Legislator Proposes Online Animal Abuser Registry
Legislation is pending in Michigan that would require convicted animal abusers to sign up for an online registry, similar to Michigan’s sex offender list. Proponents say it would help animal control officers investigate and prosecute abuse cases, and also prevent potential violence against humans.
If the proposal becomes law, Michigan would be the first state in the nation to have such a registry.
Jamie McAloon-Lampman has a dog sleeping in her office. She's director of Ingham County Animal Control. She says the minute she saw the dog, she knew it had been abused.
“This is a dog that has suffered some sort of mistreatment, because she wouldn’t even raise her head to look at you, and no eye contact, “says McAloon-Lampman. “That poor little dog. You couldn’t walk up to it without it flinching and dodging, as though the only interaction it’s had is to have been beaten, hit or chased.”
This dog was found wandering on the streets, and animal control officers have no idea who abused her, but McAloon-Lampman says often they do find abusers and prosecute them.
“We have a cat right now that was shot with a 22 in a neighborhood in Lansing,” says McAloon-Lampman. “We’re getting ready to put rewards out. Somebody who lives in that area is shooting cats, because the people who found the cat had been feeding a couple of other cats, and other cats have disappeared. We have a little bullet, so, we’ll find that person, possibly. We find a lot of them.”
State Representative Harvey Santana says an online database of abusers could help animal control officers, as they try to track down whoever is shooting cats. His proposal would require adults who are convicted of animal abuse to register their name, photo and address online. They’d also have to notify police whenever they move. Santana says the main goal is to reduce the number of animal victims.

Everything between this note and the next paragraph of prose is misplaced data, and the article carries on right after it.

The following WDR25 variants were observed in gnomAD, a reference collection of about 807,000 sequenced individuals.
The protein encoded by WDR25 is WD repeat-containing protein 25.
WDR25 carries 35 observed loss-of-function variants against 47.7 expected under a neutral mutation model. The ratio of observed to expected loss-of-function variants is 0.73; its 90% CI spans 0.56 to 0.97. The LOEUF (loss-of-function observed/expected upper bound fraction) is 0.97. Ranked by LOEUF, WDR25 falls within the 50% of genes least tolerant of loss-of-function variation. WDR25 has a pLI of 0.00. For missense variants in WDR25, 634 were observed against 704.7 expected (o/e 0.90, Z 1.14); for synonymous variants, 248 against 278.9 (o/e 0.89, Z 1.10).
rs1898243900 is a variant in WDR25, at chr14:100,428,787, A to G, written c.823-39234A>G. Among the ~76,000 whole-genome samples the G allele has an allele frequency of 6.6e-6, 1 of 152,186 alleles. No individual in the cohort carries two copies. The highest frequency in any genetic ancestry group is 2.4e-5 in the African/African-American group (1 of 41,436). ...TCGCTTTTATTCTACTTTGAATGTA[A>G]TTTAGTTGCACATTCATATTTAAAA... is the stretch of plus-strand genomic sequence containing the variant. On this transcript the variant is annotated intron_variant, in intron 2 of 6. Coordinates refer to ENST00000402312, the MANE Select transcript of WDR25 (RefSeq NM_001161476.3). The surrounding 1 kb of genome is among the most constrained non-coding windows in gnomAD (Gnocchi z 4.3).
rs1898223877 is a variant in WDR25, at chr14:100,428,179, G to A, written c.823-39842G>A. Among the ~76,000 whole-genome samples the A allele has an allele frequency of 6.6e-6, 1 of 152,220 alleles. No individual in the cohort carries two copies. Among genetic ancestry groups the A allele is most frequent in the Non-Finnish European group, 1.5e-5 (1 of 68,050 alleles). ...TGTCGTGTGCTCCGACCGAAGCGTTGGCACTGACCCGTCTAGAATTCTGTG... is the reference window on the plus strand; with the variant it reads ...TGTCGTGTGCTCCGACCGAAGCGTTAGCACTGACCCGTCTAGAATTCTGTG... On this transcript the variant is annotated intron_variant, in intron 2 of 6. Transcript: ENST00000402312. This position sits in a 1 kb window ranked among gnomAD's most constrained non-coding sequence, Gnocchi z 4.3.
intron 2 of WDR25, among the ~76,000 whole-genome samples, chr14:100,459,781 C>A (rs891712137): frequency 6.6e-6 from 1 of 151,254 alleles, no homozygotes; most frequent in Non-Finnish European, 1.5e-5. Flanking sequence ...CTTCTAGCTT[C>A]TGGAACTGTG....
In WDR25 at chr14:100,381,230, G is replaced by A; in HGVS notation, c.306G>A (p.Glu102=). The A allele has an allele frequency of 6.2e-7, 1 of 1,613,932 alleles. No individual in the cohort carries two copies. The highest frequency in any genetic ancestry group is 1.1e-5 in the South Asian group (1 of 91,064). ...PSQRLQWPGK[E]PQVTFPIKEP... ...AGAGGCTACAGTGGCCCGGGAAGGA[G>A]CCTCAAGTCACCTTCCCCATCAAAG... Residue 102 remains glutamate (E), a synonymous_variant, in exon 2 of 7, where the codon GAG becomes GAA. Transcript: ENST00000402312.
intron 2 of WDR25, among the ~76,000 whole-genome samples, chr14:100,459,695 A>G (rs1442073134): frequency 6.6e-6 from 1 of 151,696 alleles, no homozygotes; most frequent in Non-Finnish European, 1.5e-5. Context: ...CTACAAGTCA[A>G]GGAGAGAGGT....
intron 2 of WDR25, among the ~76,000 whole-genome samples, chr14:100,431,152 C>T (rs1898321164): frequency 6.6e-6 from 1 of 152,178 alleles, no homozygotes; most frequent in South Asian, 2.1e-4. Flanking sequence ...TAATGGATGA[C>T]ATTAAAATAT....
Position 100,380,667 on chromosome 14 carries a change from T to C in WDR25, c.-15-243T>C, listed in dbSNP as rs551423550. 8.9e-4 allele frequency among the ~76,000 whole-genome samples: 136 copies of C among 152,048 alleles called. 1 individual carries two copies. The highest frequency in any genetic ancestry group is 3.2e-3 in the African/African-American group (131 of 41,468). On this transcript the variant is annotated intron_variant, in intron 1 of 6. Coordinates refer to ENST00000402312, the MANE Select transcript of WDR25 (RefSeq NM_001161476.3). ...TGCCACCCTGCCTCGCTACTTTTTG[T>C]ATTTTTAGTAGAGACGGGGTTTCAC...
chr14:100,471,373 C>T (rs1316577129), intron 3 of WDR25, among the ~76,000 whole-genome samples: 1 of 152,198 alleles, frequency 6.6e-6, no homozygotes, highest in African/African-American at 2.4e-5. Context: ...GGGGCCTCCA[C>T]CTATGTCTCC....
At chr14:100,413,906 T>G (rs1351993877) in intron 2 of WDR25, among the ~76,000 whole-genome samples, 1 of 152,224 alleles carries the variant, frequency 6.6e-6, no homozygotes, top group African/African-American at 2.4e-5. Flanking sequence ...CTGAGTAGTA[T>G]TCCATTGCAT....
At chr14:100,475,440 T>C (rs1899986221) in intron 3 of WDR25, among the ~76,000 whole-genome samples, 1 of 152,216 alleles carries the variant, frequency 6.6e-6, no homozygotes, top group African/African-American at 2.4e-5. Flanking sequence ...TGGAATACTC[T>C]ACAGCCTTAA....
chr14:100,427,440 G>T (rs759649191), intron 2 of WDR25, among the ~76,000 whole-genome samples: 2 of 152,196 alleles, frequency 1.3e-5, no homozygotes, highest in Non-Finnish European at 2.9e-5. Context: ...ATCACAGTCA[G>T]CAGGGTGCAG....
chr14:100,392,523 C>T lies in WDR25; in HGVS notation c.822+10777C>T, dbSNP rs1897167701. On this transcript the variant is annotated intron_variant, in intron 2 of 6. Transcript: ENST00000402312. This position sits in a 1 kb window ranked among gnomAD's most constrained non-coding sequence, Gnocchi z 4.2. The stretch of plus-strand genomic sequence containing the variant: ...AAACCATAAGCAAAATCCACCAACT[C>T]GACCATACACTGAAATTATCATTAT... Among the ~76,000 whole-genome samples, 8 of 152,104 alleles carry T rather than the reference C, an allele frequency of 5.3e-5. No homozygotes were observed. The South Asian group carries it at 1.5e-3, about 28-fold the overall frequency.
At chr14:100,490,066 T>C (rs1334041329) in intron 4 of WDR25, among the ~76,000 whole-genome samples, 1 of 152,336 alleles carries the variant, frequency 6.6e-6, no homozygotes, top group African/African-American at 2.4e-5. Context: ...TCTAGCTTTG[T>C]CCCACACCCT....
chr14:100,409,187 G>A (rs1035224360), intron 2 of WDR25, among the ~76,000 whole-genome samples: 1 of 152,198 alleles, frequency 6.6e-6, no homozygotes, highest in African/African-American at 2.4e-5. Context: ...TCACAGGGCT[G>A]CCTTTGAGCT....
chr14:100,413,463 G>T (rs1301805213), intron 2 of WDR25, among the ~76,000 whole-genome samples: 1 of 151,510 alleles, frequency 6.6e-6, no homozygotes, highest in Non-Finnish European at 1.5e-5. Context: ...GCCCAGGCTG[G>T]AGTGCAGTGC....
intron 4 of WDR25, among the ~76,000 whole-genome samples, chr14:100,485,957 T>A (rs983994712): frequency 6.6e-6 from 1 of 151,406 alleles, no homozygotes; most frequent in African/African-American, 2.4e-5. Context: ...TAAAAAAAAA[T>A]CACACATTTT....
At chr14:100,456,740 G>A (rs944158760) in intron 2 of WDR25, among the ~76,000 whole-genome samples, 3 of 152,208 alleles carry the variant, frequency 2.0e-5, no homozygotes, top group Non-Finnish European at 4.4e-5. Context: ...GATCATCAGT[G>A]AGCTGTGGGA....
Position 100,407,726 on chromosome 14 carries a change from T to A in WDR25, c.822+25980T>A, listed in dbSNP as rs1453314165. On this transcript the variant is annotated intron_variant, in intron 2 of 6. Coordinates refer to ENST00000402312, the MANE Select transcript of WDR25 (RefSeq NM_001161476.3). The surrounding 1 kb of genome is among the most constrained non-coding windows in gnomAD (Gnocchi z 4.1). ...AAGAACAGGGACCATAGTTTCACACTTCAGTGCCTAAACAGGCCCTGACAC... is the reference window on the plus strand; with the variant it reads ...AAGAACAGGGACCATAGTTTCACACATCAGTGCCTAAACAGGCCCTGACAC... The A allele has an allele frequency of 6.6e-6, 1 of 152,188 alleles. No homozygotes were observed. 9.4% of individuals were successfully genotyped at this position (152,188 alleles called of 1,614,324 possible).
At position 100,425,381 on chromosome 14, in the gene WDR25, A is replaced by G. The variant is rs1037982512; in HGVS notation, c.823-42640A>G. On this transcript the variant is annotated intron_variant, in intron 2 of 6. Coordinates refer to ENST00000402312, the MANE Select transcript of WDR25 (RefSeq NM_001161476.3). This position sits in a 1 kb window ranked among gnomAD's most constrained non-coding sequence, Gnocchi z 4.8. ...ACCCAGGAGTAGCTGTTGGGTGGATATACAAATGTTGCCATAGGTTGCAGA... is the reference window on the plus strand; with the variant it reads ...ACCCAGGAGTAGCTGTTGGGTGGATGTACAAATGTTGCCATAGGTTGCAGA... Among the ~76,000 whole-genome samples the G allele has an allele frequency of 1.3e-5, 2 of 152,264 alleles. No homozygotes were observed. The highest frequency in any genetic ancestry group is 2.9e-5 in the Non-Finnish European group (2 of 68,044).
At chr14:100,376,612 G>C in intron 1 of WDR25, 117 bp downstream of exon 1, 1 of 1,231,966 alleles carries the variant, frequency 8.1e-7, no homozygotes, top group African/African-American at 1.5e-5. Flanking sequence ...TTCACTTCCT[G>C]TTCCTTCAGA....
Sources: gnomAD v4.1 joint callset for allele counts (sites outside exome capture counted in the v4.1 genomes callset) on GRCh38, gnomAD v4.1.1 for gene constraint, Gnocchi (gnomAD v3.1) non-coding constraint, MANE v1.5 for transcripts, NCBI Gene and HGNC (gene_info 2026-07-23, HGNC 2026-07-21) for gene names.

“It’s an interest of mine because I am the owner of a world champion mutt,” says Santana, “Bailey is a part of our life. He’s a family member, and a lot of people feel that way about their animals. Cats, horses, you name it.”
Animal shelters, pet stores and breeders would have access to the registry, which would identify people who shouldn’t be allowed to have animals.
“What I want to do is create a registry so that if this individual goes to a pet store, goes to an animal shelter, goes to a breeder, the animal agency would have to look to see if this person is an animal abuser,” says Santana. “If that’s the case, then they cannot have this animal.”
The movement toward online registries for animal abusers started a couple of years ago in Suffolk County, New York. Two other counties in New York have since set up abuser lists. These databases are available to the public online. This way, residents are aware of abusers living in their neighborhood and can take precautions to protect their pets.
So far, no state has adopted a statewide registry, although several states have legislation pending.
Santana says a registry could also prevent potential violence against people. Animal abuse often escalates to abuse of family members and others. He cites a study by the National Coalition Against Domestic Violence.
“Women who are involved in an abusive relationship are involved with an individual where there is an 85 per cent chance that they are abusing animals or have been involved in animal abuse,” says Santana.
According to the Animal Legal Defense Fund, serial killers such as Jeffrey Dahmer, Ted Bundy, David Berkowitz and others started as animal abusers. Supporters of a registry say the list would allow law enforcement to keep a close watch on people who abuse animals.
The American Civil Liberties Union opposes the idea, saying it’s unconstitutional for governments to impose additional punishments on people who’ve already paid their debt to society.
The Michigan State Police would administer the registry, but so far the department has not taken a position on it.
Santana says he has bipartisan support in the legislature and will push the legislation when lawmakers return to Lansing next week.
“Look, this is a cross-political issue,” says Santana. “There are no Republican dogs. There are no Democratic cats. There are just animals, and this is a winnable issue for both sides.”
At Ingham County Animal Control, director Jamie McAloon-Lampman says she recognizes that a registry would stigmatize people who are convicted of animal abuse. But, she says, if Michigan sets up a registry, she will use it.
“I have 1,500 animals I’m going to place this year, and I want to make sure they’re not going to somebody who has a record out there,” says McAloon-Lampman.